Sunday, July 31, 2005

Dy's Deadly Secret

Unforgettable golf round bared Dy's 1-year secret

Tony S. Bergonia
Inquirer News Service

IT WAS one round of golf that Faustino Dy Jr. and his golfing buddies—former senator Vicente Sotto III and Rep. Luis ''Baby" Asistio—would never forget.

It was during the ninth-hole break at a newly opened Sun City golf course outside Los Angeles late last June that Dy, former governor of Isabela, let out one secret that he had been keeping to himself for more than a year, according to a source close to the former governor.

The secret: A meeting that Dy attended in La Vista in the home of the First Couple in Quezon City shortly before the May 2004 presidential elections.

According to witnesses brought out in the open by Archbishop Oscar Cruz, it was in that meeting where money changed hands to influence the outcome of the elections.

According to another source close to Dy, the former governor is trying to stay away from the heat generated by that secret at home.

Dy had been licking his wounds in California following one of the biggest political upsets in Isabela and Philippine history.

"He doesn't relish being in the limelight as a result of this (scandal)," said the source. In fact, the source said, Dy is even angry at Philippine media because "now they run after him, but when he was campaigning (for reelection) he was all but ignored."

A day after that fateful round of golf, the golf buddies met again in another location and discussed details of the secret.

Contacted yesterday, Sotto confirmed that there was such a round of golf played but did not say much else.

Dy, a member of the political dynasty that has ruled Isabela for years, lost his reelection bid for governor to radio broadcaster Grace Padaca, a political neophyte.

Another source said while Dy was not volunteering to testify and in fact is reluctant to take the witness stand in the ''jueteng" investigation at the Senate, he said ''he would not tell a lie" if asked to testify.

The source, who helped in Dy's failed campaign for reelection as governor of Isabela, said the former governor shared the secret not knowing it would soon make headlines and rattle allies and officials of MalacaƱang back home.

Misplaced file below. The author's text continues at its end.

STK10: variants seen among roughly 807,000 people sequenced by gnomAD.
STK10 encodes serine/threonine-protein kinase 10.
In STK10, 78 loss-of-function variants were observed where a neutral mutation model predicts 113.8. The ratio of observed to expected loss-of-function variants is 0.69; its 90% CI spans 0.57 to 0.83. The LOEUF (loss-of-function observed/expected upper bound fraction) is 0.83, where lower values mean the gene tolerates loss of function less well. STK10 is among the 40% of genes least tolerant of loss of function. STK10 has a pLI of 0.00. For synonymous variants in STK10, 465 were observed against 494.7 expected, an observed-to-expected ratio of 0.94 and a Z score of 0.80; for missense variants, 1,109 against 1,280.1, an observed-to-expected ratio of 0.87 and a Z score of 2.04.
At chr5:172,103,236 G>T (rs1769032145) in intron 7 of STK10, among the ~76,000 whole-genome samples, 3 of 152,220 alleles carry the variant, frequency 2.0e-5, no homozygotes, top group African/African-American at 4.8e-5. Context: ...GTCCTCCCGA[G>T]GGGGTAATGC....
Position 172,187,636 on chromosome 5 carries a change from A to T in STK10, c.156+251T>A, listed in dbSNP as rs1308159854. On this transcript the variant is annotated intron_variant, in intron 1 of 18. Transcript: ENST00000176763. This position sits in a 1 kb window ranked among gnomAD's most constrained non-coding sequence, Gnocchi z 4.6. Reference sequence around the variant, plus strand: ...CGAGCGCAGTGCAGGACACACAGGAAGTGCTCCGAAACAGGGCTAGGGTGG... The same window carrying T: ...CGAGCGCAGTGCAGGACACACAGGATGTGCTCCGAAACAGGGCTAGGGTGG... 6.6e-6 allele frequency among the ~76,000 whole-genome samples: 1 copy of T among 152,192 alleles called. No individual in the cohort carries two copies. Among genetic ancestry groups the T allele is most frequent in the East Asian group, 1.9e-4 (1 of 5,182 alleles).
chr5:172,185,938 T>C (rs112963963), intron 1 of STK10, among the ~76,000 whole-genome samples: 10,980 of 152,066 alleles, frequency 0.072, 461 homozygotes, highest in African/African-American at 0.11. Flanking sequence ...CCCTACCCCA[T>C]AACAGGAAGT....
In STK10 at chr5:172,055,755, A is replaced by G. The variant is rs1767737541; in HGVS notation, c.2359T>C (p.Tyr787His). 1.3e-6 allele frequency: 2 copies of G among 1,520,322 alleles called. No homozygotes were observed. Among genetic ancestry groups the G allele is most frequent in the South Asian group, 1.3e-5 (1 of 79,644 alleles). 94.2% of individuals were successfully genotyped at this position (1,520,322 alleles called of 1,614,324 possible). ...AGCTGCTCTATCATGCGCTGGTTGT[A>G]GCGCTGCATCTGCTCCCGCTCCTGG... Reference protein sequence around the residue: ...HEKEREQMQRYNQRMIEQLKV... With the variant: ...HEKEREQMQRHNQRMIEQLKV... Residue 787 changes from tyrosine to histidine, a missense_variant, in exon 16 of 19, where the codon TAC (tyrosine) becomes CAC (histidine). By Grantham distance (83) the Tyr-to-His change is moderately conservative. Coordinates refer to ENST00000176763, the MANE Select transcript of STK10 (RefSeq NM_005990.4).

According to the source, Dy also took flight after finding out with certainty that he was on the hit list of the New People's Army, who was believed to be supportive of Padaca during the elections.

How it got to bishop

Sotto, a key opposition figure, came home early this month with Dy's secret. The source said he passed the secret on to former Quezon City Rep. Tony Aquino, Sotto III's partner in a BMW dealership in Libis, Quezon City.

It was Aquino, said the source, who brought Dy's secret to Archbishop Oscar Cruz, who had been waging war on jueteng and demanding that President Macapagal-Arroyo come clean on it.

But Bishop Cruz initially hesitated to take the information hook, line, sinker since it appeared to be hearsay, the source said.

Bishop Cruz, the source added, wanted Dy to come out in the open or execute an affidavit attesting to what he saw, heard and did in the afternoon meeting at the house of the Arroyos in La Vista.

A group says no

It was the bishop's way of making sure the witnesses who volunteer information to him are not feeding him falsehoods.

The source said the "secret" was offered to a civil society group that was critical of Ms Arroyo. The group turned down the offer.

According to jueteng witness Sandra Cam, the meeting was more than just a social gathering among Ms Arroyo, Dy and several regional directors of the Commission on Elections.

In a press conference in Intramuros with Bishop Cruz and two other jueteng witnesses, Cam said millions of pesos changed hands during the meeting, which she said was called to make sure Ms Arroyo won by at least a million votes over her closest rival, the late actor Fernando Poe Jr.

At the meeting also, according to Cam who was quoting another source, was Lilia Pineda, mayor of Lubao, Pampanga and husband of suspected jueteng lord Bong Pineda.

Cam said her informant told her that Pineda, in the presence of Ms Arroyo, gave out P2 million in cash to each of the election officials who were there. Mayor Pineda denied the allegation.


Palace officials described the allegation as 'hogwash."

Dy and Padaca were among the names mentioned in the now controversial ''Gloriagate" tapes that former NBI Assistant Director Samuel Ong brought out in the open.

In a transcript of the tapes prepared by the Philippine Center for Investigative Journalism (PCIJ), the controversial former Election Commissioner Virgilio Garcillano was supposed to have discussed the case of Dy with an unidentified caller.

Dy was moving heaven and earth to prevent a loss to Padaca.